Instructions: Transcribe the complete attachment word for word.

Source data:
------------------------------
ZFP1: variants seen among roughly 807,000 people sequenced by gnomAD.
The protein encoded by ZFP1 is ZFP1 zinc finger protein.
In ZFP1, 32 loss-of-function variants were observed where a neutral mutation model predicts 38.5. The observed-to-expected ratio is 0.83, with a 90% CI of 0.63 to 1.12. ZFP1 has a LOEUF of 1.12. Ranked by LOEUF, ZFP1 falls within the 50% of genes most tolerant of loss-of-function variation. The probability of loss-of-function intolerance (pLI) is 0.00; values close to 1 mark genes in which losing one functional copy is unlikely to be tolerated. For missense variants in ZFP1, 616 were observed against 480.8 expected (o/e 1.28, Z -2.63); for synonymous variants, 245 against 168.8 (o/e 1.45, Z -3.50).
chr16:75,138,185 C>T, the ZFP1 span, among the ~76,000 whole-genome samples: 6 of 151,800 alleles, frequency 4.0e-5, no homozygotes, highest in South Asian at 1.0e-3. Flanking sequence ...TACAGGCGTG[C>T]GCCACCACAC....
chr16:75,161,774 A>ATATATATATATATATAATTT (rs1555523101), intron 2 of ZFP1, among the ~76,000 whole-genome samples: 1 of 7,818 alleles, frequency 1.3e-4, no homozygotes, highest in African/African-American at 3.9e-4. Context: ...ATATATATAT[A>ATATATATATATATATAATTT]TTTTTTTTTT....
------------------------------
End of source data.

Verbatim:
ZFP1: variants seen among roughly 807,000 people sequenced by gnomAD.
The protein encoded by ZFP1 is ZFP1 zinc finger protein.
In ZFP1, 32 loss-of-function variants were observed where a neutral mutation model predicts 38.5. The observed-to-expected ratio is 0.83, with a 90% CI of 0.63 to 1.12. ZFP1 has a LOEUF of 1.12. Ranked by LOEUF, ZFP1 falls within the 50% of genes most tolerant of loss-of-function variation. The probability of loss-of-function intolerance (pLI) is 0.00; values close to 1 mark genes in which losing one functional copy is unlikely to be tolerated. For missense variants in ZFP1, 616 were observed against 480.8 expected (o/e 1.28, Z -2.63); for synonymous variants, 245 against 168.8 (o/e 1.45, Z -3.50).
chr16:75,138,185 C>T, the ZFP1 span, among the ~76,000 whole-genome samples: 6 of 151,800 alleles, frequency 4.0e-5, no homozygotes, highest in South Asian at 1.0e-3. Flanking sequence ...TACAGGCGTG[C>T]GCCACCACAC....
chr16:75,161,774 A>ATATATATATATATATAATTT (rs1555523101), intron 2 of ZFP1, among the ~76,000 whole-genome samples: 1 of 7,818 alleles, frequency 1.3e-4, no homozygotes, highest in African/African-American at 3.9e-4. Context: ...ATATATATAT[A>ATATATATATATATATAATTT]TTTTTTTTTT....